America’s Largest Bald Eagle Festival is President’s Day Weekend 2007 in the Klamath Basin of South Central Oregon
Klamath Falls, Oregon
December 19, 2006
America’s national symbol, the bald eagle, will be celebrated at the Annual Klamath Basin Winter Wings Festival, February 15-18. The nearby National Wildlife Refuges are home to North America’s largest wintering population of bald eagles, and are renowned for the “dawn flight” when hundreds of nesting pairs take to the air at once. This high desert region, home to myriad species of raptors, songbirds and waterfowl, is one of the country’s best sites for bird watching.
The Klamath Basin of South Central Oregon and Northern California is home to over 350 species of birds throughout the year. It is world famous for spectacular flocks of waterfowl on the lakes, numerous raptors and songbirds frequenting the high-desert mountain region of the nationally known Klamath Basin National Wildlife Refuges, of which there are six. (www.fws.gov/klamathbasinrefuges/)
But no other time of year is quite so distinctive to visit than when the wintering bald eagle numbers peak in mid-February, with the Klamath Basin populations ranking as the largest recorded in the contiguous United States. (Only Alaska has a larger population count of bald eagles). It is difficult to imagine over 1,000 bald eagles choosing to stop for their migratory winter season in this region just south of Crater Lake National Park, near the southern Oregon town of Klamath Falls. But with over 450 wildlife species having been observed in the Basin, there is much for the wintering eagles to find for food and resources.
The Annual Klamath Basin Winter Wings Festival coincides with the ominous presence of wintering waterfowl and eagles. It is today considered one of America’s largest Bald Eagle Festivals of its kind. Festival participants not only enjoy these magnificent birds, waterfowl and raptors on outdoor guided tours, but are able to attend valuable lectures and workshops led by professionals. The purpose of the Festival is to share recreational information, increase awareness of this region’s unique Pacific Northwest wildlife resources, and especially to celebrate the uniqueness of the Klamath Basin at this time of year.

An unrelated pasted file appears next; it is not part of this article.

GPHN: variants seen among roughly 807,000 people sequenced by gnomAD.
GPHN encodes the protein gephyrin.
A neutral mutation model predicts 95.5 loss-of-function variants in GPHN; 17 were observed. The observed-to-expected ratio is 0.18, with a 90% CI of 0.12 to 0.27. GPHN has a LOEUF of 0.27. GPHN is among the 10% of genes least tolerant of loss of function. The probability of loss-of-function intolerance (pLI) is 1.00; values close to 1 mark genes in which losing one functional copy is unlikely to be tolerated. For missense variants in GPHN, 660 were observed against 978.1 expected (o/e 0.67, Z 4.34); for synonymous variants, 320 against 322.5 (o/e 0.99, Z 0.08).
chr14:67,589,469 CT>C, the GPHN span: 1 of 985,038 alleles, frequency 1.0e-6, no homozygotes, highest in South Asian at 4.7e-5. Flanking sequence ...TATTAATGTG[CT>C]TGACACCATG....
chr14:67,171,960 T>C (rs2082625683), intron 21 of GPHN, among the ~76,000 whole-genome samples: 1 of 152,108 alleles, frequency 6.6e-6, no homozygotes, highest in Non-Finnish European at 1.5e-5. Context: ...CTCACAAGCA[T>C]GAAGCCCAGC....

After 25 years as the Klamath Basin Bald Eagle Conference, the event has grown to be called the Annual Winter Wings Festival of Klamath Falls, a four-day event that occurs now every President’s Weekend at Oregon Institute of Technology in Klamath Falls, Oregon — February 15-18, 2007 (www.winterwingsfest.org). The event opens Thursday evening in the very walkable downtown of Klamath Falls, with its geothermally heated sidewalks. From 5-8 p.m., arts, food, music and vendors will give families and visitors the opportunity to enjoy downtown as part of the Winter Wings Festival.
In addition, on Friday, Saturday and Sunday at OIT, the Festival will offer workshops, tours, vendors, photography and art displays, and activities attractive to all ages and levels of birding experience. Special arrangements for lodging in Klamath Falls and shuttle transportation from the Rogue Valley International Airport (Medford, OR) are available by Main Source Tours & Reservations of Ashland, OR. (www.mainsourcerez.com/winter_wings.asp)
An attendee can witness the magnificence of a red-tailed hawk in flight or discover the majesty of scores of eagles flying in unison from their perches at sunlight. You can see white-fronted and snow geese soaring by the hundreds in the blue skies of the Klamath Basin, looking like snow blowing through the sky. One can take a privately guided group tour from local birding experts as arranged by Main Source Tours.
In addition to the festival there will be tours to: Crater Lake National Park for snowshoeing and cross-country skiing, Klamath National Wildlife Refuges for birding, and Lava Beds National Monument for caving and rock art. The Klamath Basin is rich with things to do in winter and is a winter wonderland of beauty.
For information on the region, contact Bill Silliker, Jr., a professional photographer and author recently published in Backpacker, National Wildlife and Outdoor Photographer, has commented, “The Bald Eagle Conference (Now Winter Wings Festival) provides the opportunity to not only learn more about these wondrous birds and the challenges that they face, but also to watch them in the wild. And both are a sure thing. That’s a rare combination, in my experience. We all need to learn more about how to protect these special birds, a bird unique to North America and our national symbol … so that we may have bald eagles forever.”
Submitted by M. Kim Lewis an avid birder, photographer and author residing in Ashland, Oregon, with his wife Ginny and golden lab Reilly. Kim and Ginny are co-owners of Main Source Tours, creators of the unique “Birding to the Bard” tour featuring four days of birding capped by an evening of theatre at the Oregon Shakespeare Festival.
M. Kim Lewis can be contacted for more information on birding in the Pacific Northwest region at 541 482-9852.